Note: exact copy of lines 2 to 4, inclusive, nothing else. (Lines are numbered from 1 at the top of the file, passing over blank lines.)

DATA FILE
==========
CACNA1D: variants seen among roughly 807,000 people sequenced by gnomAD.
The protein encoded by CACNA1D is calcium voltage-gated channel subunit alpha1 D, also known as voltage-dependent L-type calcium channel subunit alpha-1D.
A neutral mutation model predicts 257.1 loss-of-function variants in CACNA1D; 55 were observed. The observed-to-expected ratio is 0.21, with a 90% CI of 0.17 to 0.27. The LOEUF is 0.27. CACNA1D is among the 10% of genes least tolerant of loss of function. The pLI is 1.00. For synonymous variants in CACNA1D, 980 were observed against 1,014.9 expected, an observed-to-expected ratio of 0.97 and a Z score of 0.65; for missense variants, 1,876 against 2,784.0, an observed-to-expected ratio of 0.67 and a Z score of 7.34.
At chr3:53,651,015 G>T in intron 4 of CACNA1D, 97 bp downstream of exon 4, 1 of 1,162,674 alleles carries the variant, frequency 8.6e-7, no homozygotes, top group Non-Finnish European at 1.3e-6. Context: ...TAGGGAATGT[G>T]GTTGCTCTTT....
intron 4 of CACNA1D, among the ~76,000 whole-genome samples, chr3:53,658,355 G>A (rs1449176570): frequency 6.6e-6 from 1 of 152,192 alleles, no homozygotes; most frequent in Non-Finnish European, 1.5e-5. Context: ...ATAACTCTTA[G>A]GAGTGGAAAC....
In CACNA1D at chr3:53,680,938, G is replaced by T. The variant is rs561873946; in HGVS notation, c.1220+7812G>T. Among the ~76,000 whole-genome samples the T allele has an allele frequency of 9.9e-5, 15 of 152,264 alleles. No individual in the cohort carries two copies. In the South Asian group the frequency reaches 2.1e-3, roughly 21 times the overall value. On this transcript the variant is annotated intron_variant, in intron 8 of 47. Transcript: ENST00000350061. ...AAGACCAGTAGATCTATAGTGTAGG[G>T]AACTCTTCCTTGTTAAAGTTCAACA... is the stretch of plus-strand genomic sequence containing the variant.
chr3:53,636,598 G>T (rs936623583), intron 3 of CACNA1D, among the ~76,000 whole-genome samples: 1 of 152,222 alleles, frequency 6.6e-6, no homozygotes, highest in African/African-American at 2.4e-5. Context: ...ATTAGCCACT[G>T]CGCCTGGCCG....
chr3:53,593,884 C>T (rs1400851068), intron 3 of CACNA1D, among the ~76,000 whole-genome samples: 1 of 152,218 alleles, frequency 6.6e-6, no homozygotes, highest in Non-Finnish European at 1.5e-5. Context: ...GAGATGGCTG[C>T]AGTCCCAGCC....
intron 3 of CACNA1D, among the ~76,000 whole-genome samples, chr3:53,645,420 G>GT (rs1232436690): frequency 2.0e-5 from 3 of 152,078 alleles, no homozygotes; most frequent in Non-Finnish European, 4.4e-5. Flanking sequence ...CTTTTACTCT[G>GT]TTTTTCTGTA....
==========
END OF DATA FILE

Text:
The protein encoded by CACNA1D is calcium voltage-gated channel subunit alpha1 D, also known as voltage-dependent L-type calcium channel subunit alpha-1D.
A neutral mutation model predicts 257.1 loss-of-function variants in CACNA1D; 55 were observed. The observed-to-expected ratio is 0.21, with a 90% CI of 0.17 to 0.27. The LOEUF is 0.27. CACNA1D is among the 10% of genes least tolerant of loss of function. The pLI is 1.00. For synonymous variants in CACNA1D, 980 were observed against 1,014.9 expected, an observed-to-expected ratio of 0.97 and a Z score of 0.65; for missense variants, 1,876 against 2,784.0, an observed-to-expected ratio of 0.67 and a Z score of 7.34.
At chr3:53,651,015 G>T in intron 4 of CACNA1D, 97 bp downstream of exon 4, 1 of 1,162,674 alleles carries the variant, frequency 8.6e-7, no homozygotes, top group Non-Finnish European at 1.3e-6. Context: ...TAGGGAATGT[G>T]GTTGCTCTTT....